Musical Director of the production: Mikhail Tatarnikov
Stage Director: Andrey Moguchy
Stage Designer, Costume Designer: Maxim Isaev
Lighting Designer: Alexander Kibitkin
Artistic Director and Principal Conductor of the Chorus: Vladimir Stolpovskikh
Chorus Masters: Sergey Tsyplenkov, Alexey Dmitriyev
Choreographer: Maria Bolshakova
Assistant Conductor: Alexey Nyaga
Assistants to Stage Director: Margarita Kunitsyna‑Tankevich, Vyacheslav Kalyuzhny
Musical Consultant: Vladimir Goryachikh
Curator/Project Coordinator: Antonina Dzotsenidze
The performance features the Children’s Choir of St Petersburg TV and Radio
Principal Chorus Master: Igor Gribkov
Chorus Master: Irina Zaytseva
The Tsar’s Bride
opera in three acts
music by Nikolay Rimsky-Korsakov
Partner of the production:
- Best Opera Production
- Best Stage Director (Andrey Moguchy)
- Best Stage Designer in Music Theatre (Maxim Isaev)
Premiere of the production at the Mikhailovsky Theatre: 25 January 2014
The tsar’s oprichnik Grigory Gryaznoy is in love with Marfa, daughter of the merchant Sobakin. He can’t solve the problem using violence as he used to (kidnapping the girl, making her his lover), however, he can’t work it out peacefully — Gryaznoy tried to propose to her, but he was rejected. Marfa is already betrothed to the young boyar, Ivan Lykov, whom she is in love with. Gryaznoy doesn’t want this wedding to happen. He invites guests to his place to feast. The guests include the head of the oprichniks Malyuta Skuratov, Ivan Lykov, who has just returned from abroad, and the tsar’s physi¬cian Yelisey Bomelius.
Guests start arriving. Lykov tells of the life abroad: there is work and order, women are not kept locked at home, arts and sciences flourish. The guests drink the health of the tsar, singers sing Magnificat to the orthodox tsar. Lykov adds that abroad the Russian tsar is rumored to be terrible. Skuratov reproaches Lykov, praises the tsar and sings „goy-da!“ together with the oprichniks. Skuratov asks Gryaznoy, where Lyubasha, Gryaznoy’s lover, is. The sleepy and sad Lyubasha arrives. On Skuratov’s request Lyubasha sings a song about a girl who is forced to give up her loved one and marry an old man.
The guests thank Gryaznoy for the feast and leave for the morning prayer. Gryaznoy asks Bomelius to stay — he needs a love potion. Bomelius promises to make one. Lyubasha listens to their conversation. She wants Gryaznoy’s love back.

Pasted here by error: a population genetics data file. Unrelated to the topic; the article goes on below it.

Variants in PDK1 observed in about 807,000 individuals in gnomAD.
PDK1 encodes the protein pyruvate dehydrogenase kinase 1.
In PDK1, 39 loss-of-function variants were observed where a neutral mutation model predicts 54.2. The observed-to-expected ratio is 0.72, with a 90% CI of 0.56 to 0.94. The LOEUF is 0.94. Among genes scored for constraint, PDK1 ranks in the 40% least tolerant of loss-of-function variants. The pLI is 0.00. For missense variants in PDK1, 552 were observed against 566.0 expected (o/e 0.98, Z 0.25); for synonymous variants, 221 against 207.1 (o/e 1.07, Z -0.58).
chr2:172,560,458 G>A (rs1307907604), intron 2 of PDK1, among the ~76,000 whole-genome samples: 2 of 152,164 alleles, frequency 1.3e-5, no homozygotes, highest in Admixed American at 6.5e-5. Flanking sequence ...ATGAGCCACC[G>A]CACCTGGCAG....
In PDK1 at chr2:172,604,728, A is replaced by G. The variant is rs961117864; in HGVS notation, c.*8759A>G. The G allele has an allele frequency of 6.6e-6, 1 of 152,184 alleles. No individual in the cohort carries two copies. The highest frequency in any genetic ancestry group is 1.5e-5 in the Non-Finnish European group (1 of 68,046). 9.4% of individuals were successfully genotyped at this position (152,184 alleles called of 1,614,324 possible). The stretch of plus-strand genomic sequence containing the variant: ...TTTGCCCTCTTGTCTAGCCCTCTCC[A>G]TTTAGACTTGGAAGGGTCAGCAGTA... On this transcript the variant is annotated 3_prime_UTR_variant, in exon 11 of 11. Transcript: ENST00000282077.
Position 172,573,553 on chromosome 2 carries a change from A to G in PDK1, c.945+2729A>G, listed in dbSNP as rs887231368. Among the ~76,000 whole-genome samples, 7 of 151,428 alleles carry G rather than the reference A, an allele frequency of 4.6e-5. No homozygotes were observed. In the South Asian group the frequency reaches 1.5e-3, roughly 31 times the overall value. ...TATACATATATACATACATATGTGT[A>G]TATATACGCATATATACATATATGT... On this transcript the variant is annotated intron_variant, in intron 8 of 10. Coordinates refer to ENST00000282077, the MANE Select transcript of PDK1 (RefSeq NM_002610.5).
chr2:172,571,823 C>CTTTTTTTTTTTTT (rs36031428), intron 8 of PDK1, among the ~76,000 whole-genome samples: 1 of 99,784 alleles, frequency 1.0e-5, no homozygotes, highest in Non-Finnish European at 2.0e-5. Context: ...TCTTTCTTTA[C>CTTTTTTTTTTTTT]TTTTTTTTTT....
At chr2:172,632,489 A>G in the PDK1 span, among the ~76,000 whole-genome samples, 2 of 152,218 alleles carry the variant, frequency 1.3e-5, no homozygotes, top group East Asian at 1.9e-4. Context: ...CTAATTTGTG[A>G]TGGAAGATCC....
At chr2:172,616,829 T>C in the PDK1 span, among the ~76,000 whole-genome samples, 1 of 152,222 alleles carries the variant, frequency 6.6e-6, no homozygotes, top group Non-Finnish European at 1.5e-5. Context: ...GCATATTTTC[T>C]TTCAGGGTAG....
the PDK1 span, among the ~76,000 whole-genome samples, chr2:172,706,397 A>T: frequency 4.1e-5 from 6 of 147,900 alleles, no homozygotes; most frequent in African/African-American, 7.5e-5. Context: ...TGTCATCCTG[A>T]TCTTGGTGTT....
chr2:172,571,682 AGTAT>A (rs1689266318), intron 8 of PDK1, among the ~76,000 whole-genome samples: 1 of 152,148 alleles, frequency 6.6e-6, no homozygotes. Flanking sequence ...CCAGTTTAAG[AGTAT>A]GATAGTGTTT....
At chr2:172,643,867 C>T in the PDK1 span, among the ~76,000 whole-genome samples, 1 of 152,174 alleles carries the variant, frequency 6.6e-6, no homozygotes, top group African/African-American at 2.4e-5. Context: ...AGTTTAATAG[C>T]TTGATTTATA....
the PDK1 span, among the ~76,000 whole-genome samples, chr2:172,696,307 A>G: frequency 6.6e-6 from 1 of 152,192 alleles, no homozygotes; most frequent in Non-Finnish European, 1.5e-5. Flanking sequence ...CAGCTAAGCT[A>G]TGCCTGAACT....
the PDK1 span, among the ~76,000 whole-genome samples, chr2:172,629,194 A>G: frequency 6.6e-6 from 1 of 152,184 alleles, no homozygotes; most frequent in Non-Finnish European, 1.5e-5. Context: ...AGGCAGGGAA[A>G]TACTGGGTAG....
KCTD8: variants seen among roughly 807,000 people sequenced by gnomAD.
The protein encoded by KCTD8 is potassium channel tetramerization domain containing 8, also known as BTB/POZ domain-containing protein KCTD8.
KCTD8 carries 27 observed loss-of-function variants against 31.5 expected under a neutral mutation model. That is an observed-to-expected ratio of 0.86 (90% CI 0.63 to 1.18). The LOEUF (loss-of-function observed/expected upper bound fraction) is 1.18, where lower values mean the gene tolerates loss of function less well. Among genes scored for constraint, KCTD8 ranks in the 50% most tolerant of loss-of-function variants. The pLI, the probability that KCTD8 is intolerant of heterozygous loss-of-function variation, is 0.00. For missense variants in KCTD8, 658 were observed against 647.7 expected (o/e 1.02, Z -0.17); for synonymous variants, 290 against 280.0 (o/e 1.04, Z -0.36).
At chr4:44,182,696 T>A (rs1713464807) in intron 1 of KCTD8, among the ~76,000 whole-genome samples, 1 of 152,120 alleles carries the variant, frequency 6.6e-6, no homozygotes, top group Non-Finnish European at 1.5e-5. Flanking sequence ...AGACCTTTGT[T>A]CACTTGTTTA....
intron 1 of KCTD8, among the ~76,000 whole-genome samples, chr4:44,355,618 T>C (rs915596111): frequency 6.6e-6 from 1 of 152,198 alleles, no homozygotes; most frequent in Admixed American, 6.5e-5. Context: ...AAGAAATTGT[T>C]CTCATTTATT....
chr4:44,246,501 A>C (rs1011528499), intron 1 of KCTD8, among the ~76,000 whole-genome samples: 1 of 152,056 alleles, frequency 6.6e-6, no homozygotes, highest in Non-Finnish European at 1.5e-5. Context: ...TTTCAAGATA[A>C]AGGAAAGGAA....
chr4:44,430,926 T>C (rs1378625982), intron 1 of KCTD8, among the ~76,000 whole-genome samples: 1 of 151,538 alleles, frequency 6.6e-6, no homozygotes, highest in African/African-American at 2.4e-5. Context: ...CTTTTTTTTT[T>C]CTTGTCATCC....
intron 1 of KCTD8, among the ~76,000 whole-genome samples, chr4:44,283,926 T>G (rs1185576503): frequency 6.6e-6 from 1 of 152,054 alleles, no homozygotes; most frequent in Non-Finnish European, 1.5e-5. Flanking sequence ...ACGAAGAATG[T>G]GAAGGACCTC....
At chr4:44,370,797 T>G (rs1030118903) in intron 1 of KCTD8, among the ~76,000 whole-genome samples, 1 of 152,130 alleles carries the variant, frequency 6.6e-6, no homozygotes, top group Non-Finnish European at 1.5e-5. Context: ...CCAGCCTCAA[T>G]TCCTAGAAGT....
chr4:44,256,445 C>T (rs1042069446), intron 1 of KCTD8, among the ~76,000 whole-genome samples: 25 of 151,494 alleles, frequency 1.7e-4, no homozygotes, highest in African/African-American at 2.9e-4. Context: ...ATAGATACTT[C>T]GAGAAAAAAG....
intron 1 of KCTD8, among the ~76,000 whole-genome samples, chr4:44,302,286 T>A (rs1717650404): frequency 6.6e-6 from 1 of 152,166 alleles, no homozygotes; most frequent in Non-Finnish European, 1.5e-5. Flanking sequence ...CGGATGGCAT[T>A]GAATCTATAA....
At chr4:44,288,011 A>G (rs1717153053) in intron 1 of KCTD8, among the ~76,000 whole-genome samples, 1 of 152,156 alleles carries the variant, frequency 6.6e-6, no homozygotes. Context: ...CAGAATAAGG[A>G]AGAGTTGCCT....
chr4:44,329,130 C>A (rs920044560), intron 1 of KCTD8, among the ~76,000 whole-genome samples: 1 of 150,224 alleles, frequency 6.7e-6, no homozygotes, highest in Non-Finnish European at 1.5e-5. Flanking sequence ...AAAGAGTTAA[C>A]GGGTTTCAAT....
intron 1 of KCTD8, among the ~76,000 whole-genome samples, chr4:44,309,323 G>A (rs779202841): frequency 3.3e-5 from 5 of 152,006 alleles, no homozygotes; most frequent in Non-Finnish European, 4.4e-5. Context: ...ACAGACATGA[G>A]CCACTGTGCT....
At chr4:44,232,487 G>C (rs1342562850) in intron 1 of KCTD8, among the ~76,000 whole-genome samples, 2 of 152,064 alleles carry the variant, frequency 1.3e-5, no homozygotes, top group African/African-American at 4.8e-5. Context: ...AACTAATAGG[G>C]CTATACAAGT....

Marfa awaits her fiancé, Ivan Lykov. She tells her friend, Dunyasha, of her love to Vanya, with who she’s been in love since childhood. They grew up together in Novgorod and have always been inseparable. Suddenly Ivan the Terrible arrives. Disguised as a commoner, he makes his round. Ivan the Terrible notices Marfa, who doesn’t recognize the tsar — she has a presentiment of disaster. The tsar disappears. Sobakin and Lykov arrive — the Sobakins throw a feast. Lyubasha comes to have a look at her rival. Dunyasha is struck by Marfa’s beau¬ty and decides to ruin her. She asks Bomelius for a potion that will ruin Marfa’s beauty. Bomelius gives Lyubasha the poison but asks for Lyubasha’s love. She agrees.
Ivan Lykov hurries Sobakin with the wedding — but they have to wait: the tsar has announced the bride-show. Of all the two thousand of the girls, collected from all over Russia, only twelve are presented to Ivan the Terrible, Dunyasha and Marfa are among them.
Lykov is worried, he says that he loves Marfa more than life and asks for advice. Gryaznoy answers that everything is God’s will: he was also in love with Marfa, but if he’s rejected — there’s nothing left to do, he’ll become a druzhka (the best man) at Lykov’s wedding and will wish them all the luck. The girls return from the bride-show. Domna Saburova, Dunyasha’s mother, tells how it all went: the tsar kindly spoke with Dunyasha and only cast a glance towards Marfa. Sobakin decides to celebrate Marfa’s betrothal with Lykov. Gryaznoy doesn’t know that Lyubasha has already substituted poison for the love potion and he pours it to Marfa’s goblet. Marfa drinks the poison. The guests praise the young couple. Suddenly the boyars led by Malyuta Skuratov arrive to announce the tsar’s will: Marfa was chosen to be the tsar’s bride.
Vasily Sobakin grieves over Marfa’s sudden illness that can’t be cured. Gryaznoy thinks that her illness has something to do with the love potion and wants to have a look at the girl. The oprichnik arrives to bring greetings from the tsar and asks Marfa about her health. She says she is well. Gryaznoy announces that Marfa’s poisoner has been detected: it’s Ivan Lykov. And on tsar’s request Grayznoy has killed Lykov — stabbed a knife into his heart. Sobakin can’t believe that Lykov could have hurt Marfa. Marfa has a seizure, in her delirium she takes Gryaznoy for Lykov. Shaken by Marfa’s words, Gryaznoy admits that he had slandered Lykov and that he, him¬self, had given Marfa the love potion. He wants to revenge Bomelius. Lyubasha tells that she has substituted poison for the love potion. Gryaznoy kills Lyubasha. Then Gryaznoy bids farewell to Marfa, asks for her forgiveness and promises to ask for the tortures for himself. Marfa says goodbye to Gryaznoy but asks him to come back in the morning — she still thinks that Gyaznoy is her beloved Ivan Lykov.